04 July 2014
The most important question
I really feel sorry for guys these days. Despite all society has done to challenge the inequalities of gender, it still seems the responsibility of the man in a relationship to ask the big question.
When Ann and I were dating the pressure was not the same (I have to confess mine was a very unromantic proposal of marriage). But these days it's almost an Olympic sport where men are judged to see who can find the most romantic setting to get down on one knee; Swiss mountains, Eiffel tower, live TV – the options are endless.
Although Jesus never asked the marriage question, his ministry was littered with questions that he asked those surrounding him, provoking them to a deeper understanding, challenging presuppositions, often providing a stepping stone to further teaching. At the heart of Mark's gospel (chapter 8) Jesus is alone with his disciples and asks them two questions. The first is relatively easy: "Who do people say that I am?" This is a safe question, it's academic, it allows them to stand back, requires no commitment – 'John the Baptist', 'Elijah', 'one of the prophets' they reply. Over the years, so many answers to that question have emerged. In 21st century Britain he is a wise teacher who has shaped so much of Western culture. He is the baby in the nativity scene, the distant figure on a piece of jewellery, a useful swear word when making a point.
Jesus refuses to allow his disciples to stick with the academic question. He makes it personal and asks perhaps what is the most important question any of us will have to answer and one with profound eternal implications: "Who do you say that I am?"
Mark's gospel tracks so many of Peter's ups and downs as a follower of Jesus. This is definitely a high point although it is followed very quickly by a low as he argues with Jesus about his coming suffering and death. But the answer to Jesus's question is absolutely clear - Peter has seen the miracles, has listened to the teaching, and he has recognised the authority. So it is, he blurts it out "you are the messiah" – the anointed, the chosen one; you are the one we have been waiting for.Peter was right of course, Jesus was all of this and more, but he was not the Messiah they had been expecting - not the army general to defeat the Romans and restore David's kingdom on earth. No, it's another kind of Messiah that Jesus had in mind and this accounts for the argument as Jesus has to correct Peter's misunderstanding.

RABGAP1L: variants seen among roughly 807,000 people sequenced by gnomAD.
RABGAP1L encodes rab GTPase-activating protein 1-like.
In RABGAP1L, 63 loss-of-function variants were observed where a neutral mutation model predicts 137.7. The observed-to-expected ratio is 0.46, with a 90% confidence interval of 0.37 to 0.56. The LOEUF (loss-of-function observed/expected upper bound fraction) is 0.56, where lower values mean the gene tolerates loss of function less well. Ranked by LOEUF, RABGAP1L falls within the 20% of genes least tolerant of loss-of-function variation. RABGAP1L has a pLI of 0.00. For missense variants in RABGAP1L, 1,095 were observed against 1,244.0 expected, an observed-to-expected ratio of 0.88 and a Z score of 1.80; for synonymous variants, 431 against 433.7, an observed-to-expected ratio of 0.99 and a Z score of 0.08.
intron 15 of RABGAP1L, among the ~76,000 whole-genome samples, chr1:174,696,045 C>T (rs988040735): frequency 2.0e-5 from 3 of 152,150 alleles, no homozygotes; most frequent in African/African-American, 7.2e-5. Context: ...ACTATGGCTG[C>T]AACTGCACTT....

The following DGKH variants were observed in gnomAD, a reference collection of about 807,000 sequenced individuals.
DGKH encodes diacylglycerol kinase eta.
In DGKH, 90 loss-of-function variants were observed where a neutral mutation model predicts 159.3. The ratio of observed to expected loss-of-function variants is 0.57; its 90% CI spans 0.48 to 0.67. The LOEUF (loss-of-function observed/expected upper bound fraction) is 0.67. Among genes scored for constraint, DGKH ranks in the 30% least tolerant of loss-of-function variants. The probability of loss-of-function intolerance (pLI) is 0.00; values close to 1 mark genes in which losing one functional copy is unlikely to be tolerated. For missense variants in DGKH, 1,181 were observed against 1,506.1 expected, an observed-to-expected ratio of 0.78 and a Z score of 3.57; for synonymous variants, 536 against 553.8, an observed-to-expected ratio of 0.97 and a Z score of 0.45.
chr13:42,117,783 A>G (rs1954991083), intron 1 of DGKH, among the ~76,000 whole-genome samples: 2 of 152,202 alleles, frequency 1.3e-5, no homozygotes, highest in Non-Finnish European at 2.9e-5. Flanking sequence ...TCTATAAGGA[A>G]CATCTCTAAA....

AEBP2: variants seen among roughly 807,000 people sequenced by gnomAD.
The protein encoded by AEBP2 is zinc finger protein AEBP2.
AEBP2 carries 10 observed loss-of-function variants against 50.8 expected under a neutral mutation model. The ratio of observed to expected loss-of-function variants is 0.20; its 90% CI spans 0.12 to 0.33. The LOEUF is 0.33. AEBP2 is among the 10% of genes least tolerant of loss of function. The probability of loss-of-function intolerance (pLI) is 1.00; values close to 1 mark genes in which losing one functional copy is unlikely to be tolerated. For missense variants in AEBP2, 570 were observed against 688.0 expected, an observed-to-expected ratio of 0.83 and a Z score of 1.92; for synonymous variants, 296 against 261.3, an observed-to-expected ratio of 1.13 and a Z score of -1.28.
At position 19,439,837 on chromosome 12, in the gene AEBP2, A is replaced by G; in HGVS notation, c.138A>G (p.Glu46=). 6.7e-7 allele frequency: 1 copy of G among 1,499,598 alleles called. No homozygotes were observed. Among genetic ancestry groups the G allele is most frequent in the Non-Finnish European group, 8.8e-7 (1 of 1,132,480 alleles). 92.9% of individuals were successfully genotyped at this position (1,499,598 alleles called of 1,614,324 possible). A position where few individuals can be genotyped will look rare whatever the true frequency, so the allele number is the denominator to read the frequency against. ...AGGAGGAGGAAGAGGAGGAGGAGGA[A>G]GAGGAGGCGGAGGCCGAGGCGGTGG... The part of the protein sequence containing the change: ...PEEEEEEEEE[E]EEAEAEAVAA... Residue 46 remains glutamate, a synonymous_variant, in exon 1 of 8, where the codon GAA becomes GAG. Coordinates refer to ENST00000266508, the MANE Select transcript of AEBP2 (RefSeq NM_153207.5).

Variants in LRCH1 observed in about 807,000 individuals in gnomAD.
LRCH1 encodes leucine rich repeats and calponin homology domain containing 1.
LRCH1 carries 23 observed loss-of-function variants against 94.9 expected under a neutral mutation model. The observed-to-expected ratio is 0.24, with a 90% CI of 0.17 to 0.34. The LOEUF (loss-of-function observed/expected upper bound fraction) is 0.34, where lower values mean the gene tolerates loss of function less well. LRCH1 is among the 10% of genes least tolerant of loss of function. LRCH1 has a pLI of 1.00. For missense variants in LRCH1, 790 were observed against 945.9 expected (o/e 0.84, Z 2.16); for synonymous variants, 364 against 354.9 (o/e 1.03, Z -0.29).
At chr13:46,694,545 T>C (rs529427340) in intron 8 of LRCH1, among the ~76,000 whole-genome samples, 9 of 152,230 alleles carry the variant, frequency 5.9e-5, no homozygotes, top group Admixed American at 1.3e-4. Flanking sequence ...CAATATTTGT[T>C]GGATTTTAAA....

So what about us today? Most of us in reading this article will look back at a decision made perhaps a number of years ago. We recognised Jesus as our Messiah, our Saviour, our Lord. Many of us can look back at a moment when we submitted to a call to 'follow him'.
Over the years, I have come to recognise both for myself personally and for us as a Church, how easy it is in the busyness and pressure of life and the complexity of church, to lose sight of Jesus. How easy it is for him to simply become the one who meets my needs, my wise teacher, my prophet of old, and, God forbid, almost my lucky charm. And so Jesus has drifted to a place of convenience. Yes I read his story, I still sing songs about him, occasionally have a conversation on the assumption he is listening, but he has lost his central place.
So let's allow the challenge of the question "Who do you say that I am?" to impact us today. Let's discover afresh Jesus in all his wonder. Jesus who comes to us as the Christ and so much more. Jesus the son of God, the Lord of history, the beginning and the end. Jesus the centre piece of God's rescue plan for humanity, the one who lived the life humans were designed to live, Jesus who gave himself over to death and rose again to defeat death, making possible forgiveness and eternal life, Jesus who now sits at the right hand of the Father and speaks on our behalf and sends the Holy Spirit to us, Jesus who will return, establishing a new heaven and a new earth. As we respond afresh to this Jesus, let's ask God's help to make him known to those that surround us for this is what we are called to be - His witnesses to our generation.